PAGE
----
Parsha Thoughts: Rabbi Jay Kelman

Korach: No Unity Without Diversity

July 05, 2019 By: Rabbi Jay Kelman
It is in times of crisis that effective leadership is most important—and the years spent wandering in the desert represented the first major crisis of the Jewish people. Aimlessly wandering with little to look forward to, knowing that they would die in the desert, the hope and excitement of the Exodus was long gone. It is not surprising that, when faced with a crisis, instead of looking inward, people often look to blame others for their...
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Shelach Lecha: Confirmation Bias

June 28, 2019 By: Rabbi Jay Kelman
How can two people witness the exact same events and yet offer two distinct and different reports? This question is one that jumps out as we examine the story of the meraglim. The Torah had been received, the mishkan built and dedicated, the census taken. All that remained was the march to the Promised Land of Israel to implement the Torah way of life.  The Jewish people were nervous, wondering about the...
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Beha'alotcha: Dan and Din

June 21, 2019 By: Rabbi Jay Kelman
  “Then journeyed the camp of Dan, m’aseif, the gatherer, of all the camps” (Bamidbar 10:25). As the Jewish people prepared to march to the land of Israel—no one imagined it would take forty years until they would arrive—they formed a precise pattern with four groups of three tribes each, with the tribe of Levi and the Mishkan in the middle of the camp. The tribe of...
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Naso: Counting Our Blessings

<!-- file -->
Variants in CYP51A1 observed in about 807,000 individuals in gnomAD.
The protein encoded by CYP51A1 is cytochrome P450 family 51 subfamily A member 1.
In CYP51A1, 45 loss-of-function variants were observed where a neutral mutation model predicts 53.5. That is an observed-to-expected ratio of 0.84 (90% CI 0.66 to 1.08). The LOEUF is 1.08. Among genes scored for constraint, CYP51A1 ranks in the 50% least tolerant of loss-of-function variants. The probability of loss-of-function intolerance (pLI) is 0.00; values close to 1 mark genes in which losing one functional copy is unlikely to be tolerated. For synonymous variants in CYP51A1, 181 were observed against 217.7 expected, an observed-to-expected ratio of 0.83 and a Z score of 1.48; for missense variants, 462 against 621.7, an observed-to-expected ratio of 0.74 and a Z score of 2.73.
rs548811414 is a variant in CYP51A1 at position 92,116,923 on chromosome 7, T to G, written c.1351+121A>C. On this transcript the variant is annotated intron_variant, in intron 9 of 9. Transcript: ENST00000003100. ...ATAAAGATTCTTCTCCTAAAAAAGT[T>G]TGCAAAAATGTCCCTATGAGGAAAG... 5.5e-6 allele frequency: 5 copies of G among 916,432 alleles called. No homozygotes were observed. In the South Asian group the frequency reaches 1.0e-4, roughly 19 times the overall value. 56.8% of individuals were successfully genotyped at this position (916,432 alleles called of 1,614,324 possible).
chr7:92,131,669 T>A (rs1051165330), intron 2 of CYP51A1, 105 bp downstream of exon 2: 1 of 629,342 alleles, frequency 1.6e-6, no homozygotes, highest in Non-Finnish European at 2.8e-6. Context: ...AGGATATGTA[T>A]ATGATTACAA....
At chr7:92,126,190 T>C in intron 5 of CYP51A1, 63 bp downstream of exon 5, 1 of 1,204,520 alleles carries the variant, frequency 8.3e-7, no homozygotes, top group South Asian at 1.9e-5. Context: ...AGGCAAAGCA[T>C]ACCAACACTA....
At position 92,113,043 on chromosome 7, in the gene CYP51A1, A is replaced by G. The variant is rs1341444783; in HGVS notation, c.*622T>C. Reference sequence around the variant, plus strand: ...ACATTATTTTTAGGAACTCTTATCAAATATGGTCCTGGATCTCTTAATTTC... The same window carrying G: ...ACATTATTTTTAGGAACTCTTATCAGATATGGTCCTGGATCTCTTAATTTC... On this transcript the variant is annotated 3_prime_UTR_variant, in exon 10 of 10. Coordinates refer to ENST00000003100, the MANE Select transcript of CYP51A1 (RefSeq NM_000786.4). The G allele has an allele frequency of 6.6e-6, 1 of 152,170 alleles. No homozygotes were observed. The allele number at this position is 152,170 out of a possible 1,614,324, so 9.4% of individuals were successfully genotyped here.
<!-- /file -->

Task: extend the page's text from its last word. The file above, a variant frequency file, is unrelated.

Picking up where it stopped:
June 14, 2019 By: Rabbi Jay Kelman
A Jew is commanded to recite one hundred blessings each and every day (Menachot 43b). We need constant reminders to ensure that we recognize the blessings of G-d and to remind ourselves that in all of our actions we are to reflect the Divine image. While most of the brachot we make consist of man acknowledging G-d as the master of the world, the priestly blessings are an exception to this pattern. In this particular blessing...
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Shavuot: A Forced Torah?

June 07, 2019 By: Rabbi Jay Kelman
Our attitude towards Torah is a most fickle one. On the one hand, the Jewish people demonstrated great faith in following Moshe into a barren desert and it is this we recount as we plead for G-d's mercy on Rosh Hashanah. On the other hand, these same people complained at every turn in that same desert. We jumped at the opportunity to accept the Torah, instinctively declaring "na'aseh v'nishma"—yet...
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